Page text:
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Political Science
Political Science 2211E
Adam Harmes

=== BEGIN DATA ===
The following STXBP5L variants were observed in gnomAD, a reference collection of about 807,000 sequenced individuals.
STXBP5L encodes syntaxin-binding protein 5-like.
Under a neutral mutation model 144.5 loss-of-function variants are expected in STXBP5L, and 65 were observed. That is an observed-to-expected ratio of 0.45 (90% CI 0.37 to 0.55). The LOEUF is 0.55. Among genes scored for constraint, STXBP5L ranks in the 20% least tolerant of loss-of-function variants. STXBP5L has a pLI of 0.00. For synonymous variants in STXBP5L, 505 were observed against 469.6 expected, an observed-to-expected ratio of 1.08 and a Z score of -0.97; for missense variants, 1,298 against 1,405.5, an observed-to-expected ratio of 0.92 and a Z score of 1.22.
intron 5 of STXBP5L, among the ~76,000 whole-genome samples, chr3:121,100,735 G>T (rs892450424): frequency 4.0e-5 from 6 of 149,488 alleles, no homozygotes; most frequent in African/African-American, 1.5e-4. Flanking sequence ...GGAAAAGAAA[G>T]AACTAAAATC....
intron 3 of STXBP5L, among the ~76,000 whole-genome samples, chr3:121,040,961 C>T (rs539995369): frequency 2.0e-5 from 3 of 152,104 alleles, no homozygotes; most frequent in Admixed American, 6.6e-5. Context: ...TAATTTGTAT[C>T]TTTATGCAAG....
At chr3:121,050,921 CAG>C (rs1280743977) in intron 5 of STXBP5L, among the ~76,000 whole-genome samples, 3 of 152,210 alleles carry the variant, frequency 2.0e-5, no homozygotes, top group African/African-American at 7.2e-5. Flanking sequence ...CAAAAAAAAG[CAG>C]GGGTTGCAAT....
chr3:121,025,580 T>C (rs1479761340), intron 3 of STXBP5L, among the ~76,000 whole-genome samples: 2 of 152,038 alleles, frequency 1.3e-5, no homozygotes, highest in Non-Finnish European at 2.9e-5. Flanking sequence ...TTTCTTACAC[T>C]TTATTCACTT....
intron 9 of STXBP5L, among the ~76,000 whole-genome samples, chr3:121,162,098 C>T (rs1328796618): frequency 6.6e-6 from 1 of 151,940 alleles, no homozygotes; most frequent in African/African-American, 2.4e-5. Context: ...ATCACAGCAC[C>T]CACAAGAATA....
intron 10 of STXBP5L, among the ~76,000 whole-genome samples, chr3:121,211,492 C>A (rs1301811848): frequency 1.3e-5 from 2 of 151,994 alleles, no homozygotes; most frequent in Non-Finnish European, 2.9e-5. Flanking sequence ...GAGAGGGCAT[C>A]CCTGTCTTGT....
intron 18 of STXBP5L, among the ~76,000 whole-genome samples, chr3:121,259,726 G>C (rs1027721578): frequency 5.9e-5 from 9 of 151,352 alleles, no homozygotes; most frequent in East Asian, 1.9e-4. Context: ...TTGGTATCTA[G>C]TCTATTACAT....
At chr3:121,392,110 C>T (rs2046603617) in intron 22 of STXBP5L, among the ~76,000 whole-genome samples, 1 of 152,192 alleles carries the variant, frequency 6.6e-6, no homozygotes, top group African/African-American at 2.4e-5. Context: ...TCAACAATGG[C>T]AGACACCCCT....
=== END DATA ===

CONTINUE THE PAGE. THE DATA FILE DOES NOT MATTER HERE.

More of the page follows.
Business and Government Notes The Crisis of the Welfare State and the Rise of Neoliberalism Lecture: From the Welfare State to Neoliberalism Topics 1. The stagflation crisis 2. The political implications of stagflation 3. The collapse of Bretton Woods and the shift to neoliberalism Defining Stagflation - Stagflation = stagnation + inflation - High inflation and unemployment at the same time - Emerged in 1970s Keynesianism and stagflation - Was supposed to be impossible in Keynesian economics - Inflation and unemployed supposed to move inversely - Demand increases, unemployment decreases, inflation goes up Milton Friedman - Conservative professor at University of Chicago - Predicted stagflation in his 1968 presidential address to the American Economics Association The Phillips Curve - Keynesians believed unemployment and inflation moved in opposite directions in a direct trade off - Lower unemployment could be achieve by accepting slightly higher inflation Economic Causes of Stagflation - Friedman argued the trade off between unemployment and inflation was not stable - Higher inflation that lasted for a while would eventually begin to snowball - Usually around 2% inflation - Inflation: purchasing power of your currency is weakening - Keynesians o Unemployment 6% o Inflation 5% o Trade off was stable - Friedman o Unemployment 6% o Inflation 5% -> 6% -> 7% o Trade off between unemployment and inflation was not stable o Inflation would eventually soar Union Wage Demands - Inflation 5% - Wage increase 5% - Net gain 0% - Inflation 5% - Wage increase 7% - Net gain 2% - Unions incorporate inflation rate into wage demands Wage Price Spiral - More stimulus required to lower unemployment creates more inflation - Workers demand higher wages to compensate for inflation - Higher wages force firms to raise prices and hire less workers Increased Union Power - Welfare state increased power of unions: o New deal pro labour laws o Fordism o Lower unemployment o Less free trade Unions and stagflation - Power of unions o Allowed inflation to be incorporated into wage demands o Prevented governments from raising interest rates Undermined Keynesianism - Stagflation undermined Keynesian economics - Boosted Friedman’s free market economics - What the depression was to the free market, stagflation was to the welfare state Business mobilized politically - In postwar decades, opposed welfare state but didn’t mobilized - Profits still good - Stagflation was last straw - Mobilized by creating and expanding business lobby groups o National Association of Manufacturers o US Chamber of Commerce - Business roundtable o CEOs of largest companies o Members accounted for 50% of US’ GDP o Coordinated lobbying activities and political donations of its members Lobbying - In 1970, only a few Fortune 500 firms had lobbying offices in DC - By 1980, over 80% - Lobbying aka government relations - K Street o Where all lobbying firms used to be located o Become synonymous with lobbying o Finance = Wall Street Political Donations - 1971 Federal Election Campaign Act - Prohibited direct donations from business and unions - Led to creation of intermediaries known as PACs (Political Action Committee) - In theory, levels playing field - In practice, business dominated - By 1980, business outspending unions 4 to 1 - Became more targeted towards free market politicians/Republicans Canadian Business Mobilizes - Stagflation also led to creation and expansion of Canadian business lobby groups o Business Council on national Issues (now CCCE) o Canadian Chamber of Commerce o Canadian Manufacturers’Association - Coordinated lobbying and donations Business Mobilized Economically - Increasing internationalization of production and finance The Bretton Woods Order - Fixed exchange rate + discretion in monetary policy Bretton Woods Dollar-Gold Standard - Currency pegged to US dollar pegged to gold ($35/ounce) Collapse of Bretton Woods - Low interest rates and high inflation caused investors to evade capital controls - Possible due to: o Use of computers o Weak enforcement o Growth of offshore financial markets - Capital mobility increases and violates the impossible trinity - Money leaves and causes dollar to drop out of exchange rate - President Nixon had three choices: o Enforce capital controls (Wall Street opposed) o Maintain fixed exchange rate (Would require higher interest rates) o Maintain discretion in monetary policy - 1971 Nixon gave up fixed exchange rates and the pegged gold standard - Inflation continued to rise and led to stagflation - Capital mobility increased 1973 OPEC Oil Shock - OPIEC massively raises oil prices - Organization for Petroleum Exporting Countries o Determine what prices for oil should be - Inflation spikes to 15% by 1975 and then somewhat drops Stagflation continues - By 1978, inflation again rises to 10% - President Carter and the public were convinced that inflation must be dealt with - Appoints Paul Volcker, chairman of Fed Fighting stagflation - Vonder raises interest rates to fight inflation - 2 OPEC shock - Inflation hits 12% - Volker shock: a massive increase in interest rates - Recession/end of stagflation Volcker Shock and Debt - High interest rates raised third world interest payment costs - Worldwide recession lowers demand for third world exports - More spending + less earnings = debt crisis IMF and Neoliberalism - IMF provides loans in exchange for Structural Adjustment Programs (SAPs) - Forces countries to adopt free market policies to attract foreign corporations - Globalization of production Conservative Governments and Neoliberalism - Volcker shock recession hurts Keynesian governments - Leads to election of conservatives - Implement free market policies Shift to Neoliberalism - Cut taxes - Cut social programs - Privatization - Deregulation - Weakened unions - Most important was the push for free trade Lobbying Lecture: Business Lobbying Today’s Topics 1. Building the Conservative Movement 2. Types of Lobbying Campaigns Building the Conservative Movement - Business mobilized politically in response to stagflation - Created and expanded business lobby groups aka trade associations - Built support for free market policies among politicians and public Lobby Groups at Different Levels - Municipal and provincial chambers of commerce - Regional lobby groups - International lobby groups - Issues specific groups The Powell Memorandum - The attack on the American enterprise freedom - US Supreme Court Justice Lewis Powell - 1971 memo for the US Chamber of Commerce - Argued that business had to build a conservative movement Conservatives in Canada - 2005 book: Rescuing Canada’s Right - Outlined strategy for building a Conservative movement o Free market lobby groups and think thanks o Media and academia o Political infrastructure to support Conservative political parties Free Market Think Tanks & Groups - Growth funded by companies and business people - Promote free market policies by o Research reports o Committee testimony o Conferences o Press releases and op-eds o Media commentary - Similar trend in Canada - Transnational links between think tanks in US, Canada, UK, etc. Building a Conservative Media - Began with business media and key conservative magazines - 1987 removal of “fairness doctrine” in US broadcastings regulations allowed for one sided media - Rise of talk radio - Existing Conservative media included: o Financial Post o Globe’s Report on Business o Sun newspaper o Western Standard magazine o Blogging Tories o Slow growth of talk radio Expansion of Conservative Media - Rupert Murdoch, Conrad Black create new conservative outlets - Pierre Karl Peladeau and Harper staffer create Sun news Political Infrastructure - SuperPACs (PAC = political action committee) o 2011 Supreme Court decision o Can promote but not coordinate with candidates o Unlimited donations from corporations, unions and wealthy Political Infrastructure in Canada - Corporate and union donations banned at federal level - Manning Centre o Trains strategists, campaign managers o Works to unite conservative movement Use of Populism - Focus on views and prejudices of ordinary people - Nationalism and patriotism - Anger points and creation of us vs. them o Taxpayers, makers and takers - Tea Party, Ford Nation Firm Specific Lobbying Campaigns - Conducted for and by individual firms o Can be proactive or reactive - Government procurement contracts o Very specific policies - Application of a policy o Focus can be on regulatory agencies and civil servants o Proactive: Sun News and CRTC o Reactive: BP and oil spill - TransCanada and Keystone XL Pipeline - Started as proactive behind-the-scenes campaign - Became reactive in response to politicization by environmentalists Lobbying ROI for Firms - Lobbying pays off for firms - Large firms have in-house government relations - Hire lobbying firms that specialize in political strategy and communications Lobbyists - Ex politicians, political staff and civil servants - Political consultants - Emphasize knowledge of process but contacts matter most - Lobbying is about persuasion - Create arguments to support their position - Present arguments to decision-makers - Knowledge of process - For ex-officials, contracts are key - For inside information o Contract info o Who to lobby when o Decision-maker interests - For access to decision makers - For political consultants, emphasis is on specific skills: o Political strategy o PR and communications o Issues management - Many are campaign managers and ex-journalists Dark Side of Lobbying - Shift from persuasion to quid pro quo - Campaign donations linked to specific policies: o Airlines after 911  Airlines had to pay for implementation of new airlines  Campaign donations from airlines increased significantly after 9/11 o Wall Street after recession - Junkets: company or lobby organization that hold conferences in vacation hot spots Influence Peddling - Form of bribery - Person rather than political benefit - Post government jobs - Jobs for spouses and children - Special deals Use of threats - Investment strike: threaten to relocate factory - Withdraw services - 2101 shoppers in Ontario o Hiring freeze o Shortened hours in key ridings Attack opposition - Attempt to discredit or intimidate opponents - Opponent research: Identify weaknesses and leaks to media - SLAPP lawsuits: Strategic lawsuits against public participation Sector-Specific Lobbying Campaigns - Relate to issues that affect a specific sector - Banking, oil and gas, telecoms, etc. - Can be proactive or reactive - Organized by sector trade associations and lobby groups - Proactive campaign o Assembly research o Lobby quietly behind the scenes o Coordinate lobbying of member firms o Consult stakeholders o Avoid politicization - Reactive campaign o More focus on PR after issue is politicized o Generate positive earned media o Run advocacy ads o Like the air war of an electoral campaign - Use of front groups o Create third party advocacy group o Masks who is advocating policy - Framing the issue o Universalize interests o Frame as no alternative o Language  Bureaucrats  Union bosses  Job creators  Corporate agenda Sector Trade Associations - Focus on specific industry sector issues - Monitor government and stakeholders to provide early warning on issues - Run sector specific lobby campaigns The Globalization of Finance and the Offshore World Lecture: The Globalization of Finance and the Offshore World Today’s Topics 1. The globalization of financial markets 2. The growth of the offshore world Globalization of Financial Markets - Investors move money abroad to escape stagflation - Collapse of Bretton Woods capital controls/fixed rates - Massive growth in capital mobility - Capital mobility + discretion in monetary policy New Financial Instruments - Shift from bank loans to securities (stocks and bonds) - Securities are more liquid - Increase speed of finance system - Growth of derivatives o Specialized financial contracts which are derived from an underlying asset o Options and futures Options - Contract which gives the holder the option of buying a particular asset in the future at a pre-set price - Example: Stock option - CEO given stock options when stock was trading at $10/share - If stock goes higher, CEO can still buy stock at $10/share - Creates incentive to increase share price Futures - Contract to buy or sell an underlying asset at a future date - Allows someone to sell an asset which they don’t yet own Short-Selling - Profit from falling asset prices - Sell high first then buy low Other Derivatives - Make financial markets more flexible and liquid - Combine less liquid assets (i.e. mortgages) into an overall contract that can then be sold New Financial Actors - Institutional investors o Institutions which invest money, on behalf of individuals o Mutual funds and pension funds - Hedge funds o Unregulated form of mutual f und that caters to firms and wealthy investors o Us short-selling and leverage o Take greater risks - Long term capital management o Russia 1998 o Borrowed almost $1 trillion o Asian crisis hit and they lost money o Posed systemic risk (too big to fail) The Offshore World - Export processing zones - Offshore tax havens - Offshore financial markets - Offshore Internet sites - Flags of convenience - Characterized by low taxes, regulations and government oversight - Legal construct within states where normal laws don’t apply Export Processing Zones - Special economic zones within a country where taxes and regulations are lower - Ex: Maquiladoras in Mexico - Used to attract TNC investments Offshore Tax Havens and Financial Markets - Taxes/regulations are lower across whole country for foreigners - Ex: Cayman Islands - Benefits of lower taxes/regulations without having to relocate - Name plate residence o Country becomes your official country of residence o Official corporate headquarters location Flags of Convenience - Like a name plate residence for ships - Foreign ships fly another country’s flag to benefit from lower taxes and regulations - Ex: Panama, Liberia and Bahamas Recent Trends in Corporate Governance Lecture: Recent Trends in Corporate Governance Today’s Topics 1. The Impact of institutional investors on Corporate Governance 2. The 1980s Takeover Wave 3. The 1990s Shareholder Activism Wave Corporate Governance - How corporations are governed - Nature of relationship between owners and managers - Technical issues such as board organization, management pay, company charter, etc. The Berle-Means Model - Large number of small, individual shareholders - CEO/management runs company - Board oversees management - Shareholders vote on key decisions/board - Individual shareholders -> board of directors -> CEO and management - Reality was that modern corporation was characterized by managerial autonomy - Shareholders had little influence over management for 3 reasons: o Unconnected shareholders don’t organize votes o Own shares in many companies – therefore exit rather than voice o Complaint boards rubber-stamp CEO  Able to stack the board with friends, unqualified people Rise of Institutional Investors - Mutual funds and pension funs as key financial actors - Invest heavily in stocks - Replace individual shareholders - Change nature of corporate governance Decline of Managerial Autonomy - Centralization of share ownership - Firms now owned by a small number of large shareholders - Fund managers pay attention and vote - Individual investors -> fund managers -> board of directors -> CEO and management Short Term Pressures on CEOs - Fund managers under pressure to boost fund in short-term - Quarterly evaluations - Short-term contracts - Long term investment horizon = time you invest in your stocks (the younger you are, the longer your investment horizon) - Fund manager pressure CEOs to quickly boost stock price - Shareholder value - CEOs had to listen to large shareholders Takeover Wave of the 1980s - Hostile takeover: corporate raider attempts to accumulate a controlling block of a firm’s shares against the wishes of the firm’s management - Raider offers to pay shareholders a premium for their shares (higher than market value) - Management would promise profits over long term - Once raider acquired a company, it would often sell it off into parts - Realize an immediate profit Junk Bonds - Growing use of junk bonds - High risk bonds with low credit ratings - Many junk bonds together could be less risky - Allowed high risk ventures to raise money Junk Bonds and Takeovers - Allowed raiders to raise money for hostile takeovers - Done through a leveraged buyout or LBO - Takeover funded by debt Institutional Investors and Takeovers 1. Undervalued stocks making takeovers more profitable - Short termism meant market price was less than break-up price - Made takeover profitable - Could pay premium 2. Sold large blocks of shares to raiders - Concentrated ownership made getting shares easier - Short-termism made funds want to sell for premium 3. Invested in junk bonds and provided raiders with financing - Raider sells junk bonds to institutional investors The CEOs respond 1. Sought to boost undervalued share price to make takeovers more expensive - Debt for equity: borrow and repurchase shares - Led to large increase in corporate debt 2. Poison pills - Legal defense mechanism created by management - Provision for discounted shares for existing shareholders - Golden parachute severance packages: a large payment guaranteed to a company executive if the executive is dismissed as a result of a merger or takeover 1990s Shareholder Activism Wave - Institutional invests did well from the takeover wave: o Sold shares at a premium to raiders o Invested in junk bonds o Benefitted from share buy-backs - When takeover wave ended, fund managers looked for new ways to promote shareholder value Reforms to Corporate Boards - Make directors more accountable to shareholders: o Separation of chairman and CEO o More independent directors o Removal of poison pills Direct Intervention to Fire CEO - Shift from exit to voice - Dumped many underperforming CEOs - Created a new stick to force CEOs to focus on shareholder value Use of Stock Options - Linked management pay directly to the share price - Incentive for the CEO to boost share price in the very short-term The Downsizing Wave of the 1990s - Short-term focus on stock price led to: o Wave of downsizing despite healthy profits o Firms laid off workers and cut R&D spending - Used savings for share buy backs Implications of Downsizing Wave - Many workers laid off - More work, stress for those who remained - Many firms were left with too few workers and too little R&D CEO Salaries - Dropped, went up, then dropped again - As stock prices go up and down, the CEO pays moves along with it - CEO pay is 360x of a production worker Infotainment Media - Media companies also subject to short-term pressure and shareholder value - Greater focus on ratings - More sensationalism The Debate over Globalized Finance Lecture The Debate over the Globalization of Finance Today’s Topics 1. The neoliberal efficient markets hypothesis 2. The Keynesian-welfare critique 3. The US housing bubble debate The Neoliberal View - Financial markets operate efficiently o When they are free, efficiency is a natural result - Regulation should be thus kept to a minimum - Financial markets are efficient when asset (stocks/bonds) prices reflect fundamentals Efficient Financial Markets - Prices reflect fundamentals - Fundamentals: real economic conditions that affect an asset’s value - Debt, market share, earnings and managers - If fundamentals improve, investors buy stock and stock prices increase (same for any other asset) - An efficient financial market is one where the prices reflect the fundamentals Why Efficiency Matters - Invisible hand based on price signals o Supply and demand intersect, set prices and prices send signals to consumers about how much to consume/producers how much to make and how to make economic decisions - If prices do not reflect fundamentals, they send false signals o Leads to poor economic decisions - If a stock price goes higher than the fundamentals, it’s a bubble o Can cause people to think they have more money than they actually do and lead to unwise spending Efficient Markets Hypothesis - Created by Eugene Fama in 1970, won Nobel prize o Free financial markets should operate efficiently because they are compri